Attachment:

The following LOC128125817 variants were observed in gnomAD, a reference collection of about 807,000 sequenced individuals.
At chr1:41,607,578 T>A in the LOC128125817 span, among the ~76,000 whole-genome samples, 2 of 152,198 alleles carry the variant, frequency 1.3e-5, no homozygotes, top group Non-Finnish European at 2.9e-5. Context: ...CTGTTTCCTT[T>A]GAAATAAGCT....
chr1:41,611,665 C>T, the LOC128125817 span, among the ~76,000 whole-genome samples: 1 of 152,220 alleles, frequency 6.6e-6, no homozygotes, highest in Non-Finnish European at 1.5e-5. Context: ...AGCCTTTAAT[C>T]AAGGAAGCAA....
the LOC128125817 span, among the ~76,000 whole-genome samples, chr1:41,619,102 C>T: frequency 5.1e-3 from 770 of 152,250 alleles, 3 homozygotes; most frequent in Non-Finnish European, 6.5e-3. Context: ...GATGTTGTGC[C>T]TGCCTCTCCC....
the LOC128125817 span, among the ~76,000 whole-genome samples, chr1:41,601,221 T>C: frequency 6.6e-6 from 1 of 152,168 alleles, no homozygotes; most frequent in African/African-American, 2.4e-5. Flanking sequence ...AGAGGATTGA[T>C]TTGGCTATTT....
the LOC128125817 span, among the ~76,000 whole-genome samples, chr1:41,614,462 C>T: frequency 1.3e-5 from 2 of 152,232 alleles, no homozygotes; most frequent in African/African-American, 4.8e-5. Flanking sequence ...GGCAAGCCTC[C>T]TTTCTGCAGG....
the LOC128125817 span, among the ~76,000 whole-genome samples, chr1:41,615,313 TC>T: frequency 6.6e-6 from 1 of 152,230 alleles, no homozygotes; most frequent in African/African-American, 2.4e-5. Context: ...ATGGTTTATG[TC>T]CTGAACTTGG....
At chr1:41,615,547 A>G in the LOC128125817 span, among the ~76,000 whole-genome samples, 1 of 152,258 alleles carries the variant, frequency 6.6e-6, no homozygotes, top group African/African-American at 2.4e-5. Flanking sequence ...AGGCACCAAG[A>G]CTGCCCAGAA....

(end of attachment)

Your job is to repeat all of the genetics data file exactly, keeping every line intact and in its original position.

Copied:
The following LOC128125817 variants were observed in gnomAD, a reference collection of about 807,000 sequenced individuals.
At chr1:41,607,578 T>A in the LOC128125817 span, among the ~76,000 whole-genome samples, 2 of 152,198 alleles carry the variant, frequency 1.3e-5, no homozygotes, top group Non-Finnish European at 2.9e-5. Context: ...CTGTTTCCTT[T>A]GAAATAAGCT....
chr1:41,611,665 C>T, the LOC128125817 span, among the ~76,000 whole-genome samples: 1 of 152,220 alleles, frequency 6.6e-6, no homozygotes, highest in Non-Finnish European at 1.5e-5. Context: ...AGCCTTTAAT[C>T]AAGGAAGCAA....
the LOC128125817 span, among the ~76,000 whole-genome samples, chr1:41,619,102 C>T: frequency 5.1e-3 from 770 of 152,250 alleles, 3 homozygotes; most frequent in Non-Finnish European, 6.5e-3. Context: ...GATGTTGTGC[C>T]TGCCTCTCCC....
the LOC128125817 span, among the ~76,000 whole-genome samples, chr1:41,601,221 T>C: frequency 6.6e-6 from 1 of 152,168 alleles, no homozygotes; most frequent in African/African-American, 2.4e-5. Flanking sequence ...AGAGGATTGA[T>C]TTGGCTATTT....
the LOC128125817 span, among the ~76,000 whole-genome samples, chr1:41,614,462 C>T: frequency 1.3e-5 from 2 of 152,232 alleles, no homozygotes; most frequent in African/African-American, 4.8e-5. Flanking sequence ...GGCAAGCCTC[C>T]TTTCTGCAGG....
the LOC128125817 span, among the ~76,000 whole-genome samples, chr1:41,615,313 TC>T: frequency 6.6e-6 from 1 of 152,230 alleles, no homozygotes; most frequent in African/African-American, 2.4e-5. Context: ...ATGGTTTATG[TC>T]CTGAACTTGG....
At chr1:41,615,547 A>G in the LOC128125817 span, among the ~76,000 whole-genome samples, 1 of 152,258 alleles carries the variant, frequency 6.6e-6, no homozygotes, top group African/African-American at 2.4e-5. Flanking sequence ...AGGCACCAAG[A>G]CTGCCCAGAA....